“I didn’t. I’m loyal to the end. To my purpose. What about you, Snake? What’s it going to be? Loyalty to your country or loyalty to me? Your country or your old mentor? Your mission or your beliefs? Your duty to your unit? Or your personal feelings? You don’t know the truth yet. But sooner or later, you’ll have to choose.”
After giving him more questions and no answers, The Boss leaves Snake stranded in the jungle — no means of transport, no backup, no weapons — threatening to kill him should they meet again. While at this point in the game, The Boss’s true intentions are clear neither to us nor to the lost, broken, and abandoned Snake, there is a hidden message in their second encounter: Our journey of purpose is unique and deeply individual. We can’t always make sense of it in real-time, let alone constantly inform and persuade those around us. Sometimes, purpose means loneliness. It can force us to burn bridges, to confuse our friends, even abandon those we love. Purpose is all-powerful but not all-good. It may be the purest form of embracing our humanity, but in said embrace, we also hug all the pain and suffering that come with it.
In the case of Snake and his mentor, neither can reveal their quest to the other, even though both know its ultimate outcome: One must die, and one must live — just as in The Boss’s confrontation with The Sorrow years before. Both are suffering greatly for their purpose, for even in success they are guaranteed to lose, and yet both relentlessly march on, compelled, almost doomed, to continue their journey at all costs. And though costs will be paid in currencies that can never be regained, there is a ray of light piercing the fog of fate — and it is thanks to a different ray piercing a different substrate that the flowers it nourishes may yet bloom.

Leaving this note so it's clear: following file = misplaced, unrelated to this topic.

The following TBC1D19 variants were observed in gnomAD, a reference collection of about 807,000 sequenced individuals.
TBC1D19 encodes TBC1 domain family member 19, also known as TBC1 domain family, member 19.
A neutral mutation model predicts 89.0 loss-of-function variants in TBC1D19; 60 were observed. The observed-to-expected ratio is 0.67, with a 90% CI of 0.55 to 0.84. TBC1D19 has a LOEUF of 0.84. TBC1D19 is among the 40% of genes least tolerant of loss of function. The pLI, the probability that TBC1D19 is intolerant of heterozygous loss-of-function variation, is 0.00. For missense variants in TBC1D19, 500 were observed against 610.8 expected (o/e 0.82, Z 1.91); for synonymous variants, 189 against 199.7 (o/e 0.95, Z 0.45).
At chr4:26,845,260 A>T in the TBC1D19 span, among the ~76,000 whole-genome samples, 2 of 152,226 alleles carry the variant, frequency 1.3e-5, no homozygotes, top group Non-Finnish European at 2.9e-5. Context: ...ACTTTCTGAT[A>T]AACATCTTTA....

Loyalty to Change
Despite his rough start behind enemy lines, Snake somehow manages to infiltrate the enemy base. While it’s too late to save the scientist, he succeeds in destroying the Soviets’ civilization-threatening weapon, their evil leader, and any foundation of a future coup d’état. Before he can board his plane home, however, The Boss forces him into a final, live-or-die standoff. As he stares his mentor turned mortal enemy into the eye for the last time, Snake only has one question: “Why?” Finally, he gets an answer:
“Why? To make the world one again. The world used to be whole. But the foibles of politics and the march of time can turn friends into enemies just as easily as the wind changes. Ridiculous, isn’t it? Yesterday’s ally becomes today’s opposition. Enemies change along with the times — and we soldiers are forced to play along.”